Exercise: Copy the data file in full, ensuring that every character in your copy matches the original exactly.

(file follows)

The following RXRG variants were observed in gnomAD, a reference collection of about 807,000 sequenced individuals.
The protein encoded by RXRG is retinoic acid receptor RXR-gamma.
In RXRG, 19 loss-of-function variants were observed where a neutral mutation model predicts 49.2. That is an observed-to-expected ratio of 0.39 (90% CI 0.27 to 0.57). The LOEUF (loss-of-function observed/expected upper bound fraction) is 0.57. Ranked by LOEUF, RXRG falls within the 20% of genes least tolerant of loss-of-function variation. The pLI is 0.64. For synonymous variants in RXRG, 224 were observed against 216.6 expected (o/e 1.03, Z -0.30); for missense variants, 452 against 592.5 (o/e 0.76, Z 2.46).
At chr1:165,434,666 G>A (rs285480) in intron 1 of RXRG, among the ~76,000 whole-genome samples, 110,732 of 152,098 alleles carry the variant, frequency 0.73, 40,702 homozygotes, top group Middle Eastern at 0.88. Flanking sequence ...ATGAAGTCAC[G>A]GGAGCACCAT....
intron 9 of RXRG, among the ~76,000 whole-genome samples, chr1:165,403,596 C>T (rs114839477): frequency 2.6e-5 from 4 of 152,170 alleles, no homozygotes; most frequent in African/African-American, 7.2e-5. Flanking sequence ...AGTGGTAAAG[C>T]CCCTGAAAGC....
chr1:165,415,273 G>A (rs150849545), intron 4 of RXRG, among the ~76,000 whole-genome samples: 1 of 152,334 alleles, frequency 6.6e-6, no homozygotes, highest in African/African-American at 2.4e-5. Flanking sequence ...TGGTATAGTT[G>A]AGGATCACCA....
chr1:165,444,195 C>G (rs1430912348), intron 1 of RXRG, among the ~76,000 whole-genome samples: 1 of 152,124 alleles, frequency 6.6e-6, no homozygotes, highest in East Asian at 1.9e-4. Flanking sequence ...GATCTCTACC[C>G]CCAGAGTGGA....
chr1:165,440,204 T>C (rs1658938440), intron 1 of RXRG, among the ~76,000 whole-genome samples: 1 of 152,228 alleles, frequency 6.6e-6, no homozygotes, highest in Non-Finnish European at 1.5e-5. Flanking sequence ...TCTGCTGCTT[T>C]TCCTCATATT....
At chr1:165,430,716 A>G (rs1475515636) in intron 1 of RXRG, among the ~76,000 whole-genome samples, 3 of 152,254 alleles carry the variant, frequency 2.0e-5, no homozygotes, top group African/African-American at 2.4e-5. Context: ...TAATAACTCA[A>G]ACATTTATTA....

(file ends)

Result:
The following RXRG variants were observed in gnomAD, a reference collection of about 807,000 sequenced individuals.
The protein encoded by RXRG is retinoic acid receptor RXR-gamma.
In RXRG, 19 loss-of-function variants were observed where a neutral mutation model predicts 49.2. That is an observed-to-expected ratio of 0.39 (90% CI 0.27 to 0.57). The LOEUF (loss-of-function observed/expected upper bound fraction) is 0.57. Ranked by LOEUF, RXRG falls within the 20% of genes least tolerant of loss-of-function variation. The pLI is 0.64. For synonymous variants in RXRG, 224 were observed against 216.6 expected (o/e 1.03, Z -0.30); for missense variants, 452 against 592.5 (o/e 0.76, Z 2.46).
At chr1:165,434,666 G>A (rs285480) in intron 1 of RXRG, among the ~76,000 whole-genome samples, 110,732 of 152,098 alleles carry the variant, frequency 0.73, 40,702 homozygotes, top group Middle Eastern at 0.88. Flanking sequence ...ATGAAGTCAC[G>A]GGAGCACCAT....
intron 9 of RXRG, among the ~76,000 whole-genome samples, chr1:165,403,596 C>T (rs114839477): frequency 2.6e-5 from 4 of 152,170 alleles, no homozygotes; most frequent in African/African-American, 7.2e-5. Flanking sequence ...AGTGGTAAAG[C>T]CCCTGAAAGC....
chr1:165,415,273 G>A (rs150849545), intron 4 of RXRG, among the ~76,000 whole-genome samples: 1 of 152,334 alleles, frequency 6.6e-6, no homozygotes, highest in African/African-American at 2.4e-5. Flanking sequence ...TGGTATAGTT[G>A]AGGATCACCA....
chr1:165,444,195 C>G (rs1430912348), intron 1 of RXRG, among the ~76,000 whole-genome samples: 1 of 152,124 alleles, frequency 6.6e-6, no homozygotes, highest in East Asian at 1.9e-4. Flanking sequence ...GATCTCTACC[C>G]CCAGAGTGGA....
chr1:165,440,204 T>C (rs1658938440), intron 1 of RXRG, among the ~76,000 whole-genome samples: 1 of 152,228 alleles, frequency 6.6e-6, no homozygotes, highest in Non-Finnish European at 1.5e-5. Flanking sequence ...TCTGCTGCTT[T>C]TCCTCATATT....
At chr1:165,430,716 A>G (rs1475515636) in intron 1 of RXRG, among the ~76,000 whole-genome samples, 3 of 152,254 alleles carry the variant, frequency 2.0e-5, no homozygotes, top group African/African-American at 2.4e-5. Context: ...TAATAACTCA[A>G]ACATTTATTA....